EPA Administrator Scott Pruitt at CPAC 2017.
Photo Credit: Gage Skidmore
EPA Administrator Scott Pruitt at CPAC 2017.
Photo Credit: Gage Skidmore

EPA Administrator Scott Pruitt amid allegations of ethical misconduct resigned on Thursday effective today. President Donald Trump named deputy administrator Andrew Wheeler as Acting Administrator.

“It is extremely difficult for me to cease serving you in this role first because I count it a blessing to be serving you in any capacity, but also, because of the transformative work that is occurring,” Pruitt wrote in his resignation letter to President Donald Trump. “However, the unrelenting attacks on me personally, my family, are unprecedented and have taken a sizable toll on all of us.”

In April, the Government Accountability Office found that he broke federal law with the authorization of soundproof phone booth constructed in his office with $43,000 of Environmental Protection Agency funds.

On July 5, the New York Times reported that a scheduler at the EPA was asked to alter past events on Pruitt’s schedule, potentially in violation of federal law and was later fired.

According to The Washington Post, former EPA staff member told Congressional investigators that Pruitt asked staff to help his wife find a job with a requested salary of at least $200,000. He is accused of using his position to attempt to obtain a Chick-fil-A franchise for his wife.

Two Democratic Senators accused Pruitt of using a private email to conduct official business in order to avoid a FOIA request. He gave raises to EPA staff members without White House knowledge and consent. In total, Pruitt faced 16 different investigations.

Pruitt prior to the mounting scandals was cheered by conservatives happy with his leadership in rolling back EPA regulations like the Waters of the U.S. rule, the Clean Power Plan, and the Paris Climate Agreement put in place during the Obama Administration that was believed to be economically harmful. Many conservative leaders and GOP lawmakers rallied behind Pruitt in the midst of negative media reports.

Some Iowa elected officials, however, were upset with Pruitt’s lack of support for the Renewable Fuel Standard and was seen as stifling the renewable fuel industry’s growth. He also recently raised the ire of U.S. Senator Chuck Grassley (R-Iowa) after handing out a hardship waiver to an oil refinery owner who was an ex-Trump adviser.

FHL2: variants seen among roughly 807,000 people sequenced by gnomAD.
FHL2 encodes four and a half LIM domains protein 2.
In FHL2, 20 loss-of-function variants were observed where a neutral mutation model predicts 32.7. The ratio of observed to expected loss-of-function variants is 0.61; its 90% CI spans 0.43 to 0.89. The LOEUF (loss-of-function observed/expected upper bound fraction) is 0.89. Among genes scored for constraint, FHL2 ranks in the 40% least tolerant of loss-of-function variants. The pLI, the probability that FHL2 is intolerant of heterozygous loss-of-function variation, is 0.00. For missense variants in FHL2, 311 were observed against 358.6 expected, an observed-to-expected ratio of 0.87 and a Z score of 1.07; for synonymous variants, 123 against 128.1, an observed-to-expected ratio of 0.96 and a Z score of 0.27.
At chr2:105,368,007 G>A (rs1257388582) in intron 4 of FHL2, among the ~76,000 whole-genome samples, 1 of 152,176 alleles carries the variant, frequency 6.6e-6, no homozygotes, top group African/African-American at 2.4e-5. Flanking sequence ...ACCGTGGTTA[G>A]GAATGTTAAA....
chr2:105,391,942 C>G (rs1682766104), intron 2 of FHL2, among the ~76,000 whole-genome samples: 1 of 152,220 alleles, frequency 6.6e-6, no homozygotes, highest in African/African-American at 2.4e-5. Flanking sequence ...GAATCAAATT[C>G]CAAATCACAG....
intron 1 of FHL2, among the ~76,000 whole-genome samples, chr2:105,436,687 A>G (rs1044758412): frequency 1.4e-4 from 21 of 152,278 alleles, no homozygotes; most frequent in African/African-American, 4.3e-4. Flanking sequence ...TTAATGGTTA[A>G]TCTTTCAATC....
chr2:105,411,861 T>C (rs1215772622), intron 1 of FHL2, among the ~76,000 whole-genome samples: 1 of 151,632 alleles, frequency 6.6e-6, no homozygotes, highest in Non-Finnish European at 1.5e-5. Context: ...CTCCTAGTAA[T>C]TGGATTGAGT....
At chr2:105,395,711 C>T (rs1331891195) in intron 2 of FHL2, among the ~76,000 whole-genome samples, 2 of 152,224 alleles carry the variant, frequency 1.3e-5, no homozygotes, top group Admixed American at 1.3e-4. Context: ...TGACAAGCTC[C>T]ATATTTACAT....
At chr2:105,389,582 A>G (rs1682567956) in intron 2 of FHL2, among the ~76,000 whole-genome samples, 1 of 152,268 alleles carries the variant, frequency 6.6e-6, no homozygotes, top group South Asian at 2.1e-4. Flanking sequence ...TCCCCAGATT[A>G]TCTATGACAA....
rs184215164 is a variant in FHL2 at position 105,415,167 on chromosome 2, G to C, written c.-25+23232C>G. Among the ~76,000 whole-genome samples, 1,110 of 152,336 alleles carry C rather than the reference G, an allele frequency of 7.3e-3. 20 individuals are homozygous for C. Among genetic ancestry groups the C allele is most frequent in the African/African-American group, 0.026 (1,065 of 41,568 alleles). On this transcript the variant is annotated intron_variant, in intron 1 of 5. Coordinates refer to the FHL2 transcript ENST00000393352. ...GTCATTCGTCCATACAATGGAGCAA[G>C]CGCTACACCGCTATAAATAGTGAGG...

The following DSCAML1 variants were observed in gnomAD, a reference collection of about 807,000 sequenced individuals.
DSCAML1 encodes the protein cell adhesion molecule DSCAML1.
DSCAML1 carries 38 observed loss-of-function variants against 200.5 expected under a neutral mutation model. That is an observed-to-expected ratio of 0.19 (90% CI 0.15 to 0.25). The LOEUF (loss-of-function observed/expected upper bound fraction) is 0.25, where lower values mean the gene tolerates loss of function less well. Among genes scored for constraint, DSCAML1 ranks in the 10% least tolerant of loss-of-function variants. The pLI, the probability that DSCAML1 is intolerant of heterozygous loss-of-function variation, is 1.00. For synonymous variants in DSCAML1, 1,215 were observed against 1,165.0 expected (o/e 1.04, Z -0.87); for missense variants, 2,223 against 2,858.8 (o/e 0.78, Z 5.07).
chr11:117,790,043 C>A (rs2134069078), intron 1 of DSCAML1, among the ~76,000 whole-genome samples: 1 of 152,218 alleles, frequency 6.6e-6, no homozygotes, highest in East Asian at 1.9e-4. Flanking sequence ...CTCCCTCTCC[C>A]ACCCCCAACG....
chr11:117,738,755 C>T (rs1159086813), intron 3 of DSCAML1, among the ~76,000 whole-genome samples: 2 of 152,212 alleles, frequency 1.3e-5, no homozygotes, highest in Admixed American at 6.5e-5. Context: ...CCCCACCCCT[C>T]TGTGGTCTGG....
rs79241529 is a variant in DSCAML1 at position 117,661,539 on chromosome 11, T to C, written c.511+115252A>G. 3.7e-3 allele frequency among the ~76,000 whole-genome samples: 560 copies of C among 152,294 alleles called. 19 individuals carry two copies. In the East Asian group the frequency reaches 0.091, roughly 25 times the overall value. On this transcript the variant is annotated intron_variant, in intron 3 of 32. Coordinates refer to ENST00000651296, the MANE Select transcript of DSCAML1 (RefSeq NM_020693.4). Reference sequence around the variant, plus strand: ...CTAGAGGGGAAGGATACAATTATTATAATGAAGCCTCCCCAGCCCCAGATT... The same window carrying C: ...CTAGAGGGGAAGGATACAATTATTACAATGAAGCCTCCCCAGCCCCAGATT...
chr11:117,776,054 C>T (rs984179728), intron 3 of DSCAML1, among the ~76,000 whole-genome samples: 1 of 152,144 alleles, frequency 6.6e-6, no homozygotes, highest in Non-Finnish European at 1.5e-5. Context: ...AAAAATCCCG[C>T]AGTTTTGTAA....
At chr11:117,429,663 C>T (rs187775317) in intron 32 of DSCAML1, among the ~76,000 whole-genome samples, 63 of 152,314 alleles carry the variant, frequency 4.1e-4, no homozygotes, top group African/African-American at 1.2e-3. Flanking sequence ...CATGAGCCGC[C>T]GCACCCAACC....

Several Republican officials in Iowa welcomed the news of Pruitt’s resignation.

U.S. Senator Joni Ernst (R-Iowa) recently said that Pruitt “is about as swampy as you get here in Washington, D.C., and if the president wants to drain the swamp, he needs to take a look at his own cabinet.”

She tweeted on Thursday:

“Scott Pruitt’s departure is long overdue,” Congressman David Young (R-Iowa) said in a released statement. “His actions as EPA administrator not only raised serious ethical concerns, but hurt Iowa farmers by recklessly undercutting of the Renewable Fuel Standard. It is my hope that Acting Administrator Andrew Wheeler will uphold the President’s commitment to the RFS and get the EPA back on track.”

“Today’s resignation from Administrator Pruitt must result in new EPA leadership that will honor the president’s commitment to the Renewable Fuel Standard,” Iowa Governor Kim Reynolds said in response to the news. “I will continue to fight for a robust Renewable Fuel Standard by working with our federal delegation in Washington, D.C., to hold the administration to this promise. Iowa farmers deserve nothing less.”

“President Trump made the right decision,” Grassley said in a statement insinuating that Pruitt was asked to resign.

“Administrator Pruitt’s ethical scandals and his undermining of the President’s commitment to biofuels and Midwest farmers were distracting from the agency’s otherwise strong progress to free the nation of burdensome and harmful government regulations. Fewer things are more important for government officials than maintaining public trust. Administrator Pruitt, through his own actions, lost that trust. I hope Acting Administrator Wheeler views this as an opportunity to restore this Administration’s standing with farmers and the biofuels industry. I’m looking forward to working with Acting Administrator Wheeler to do just that,” he added.

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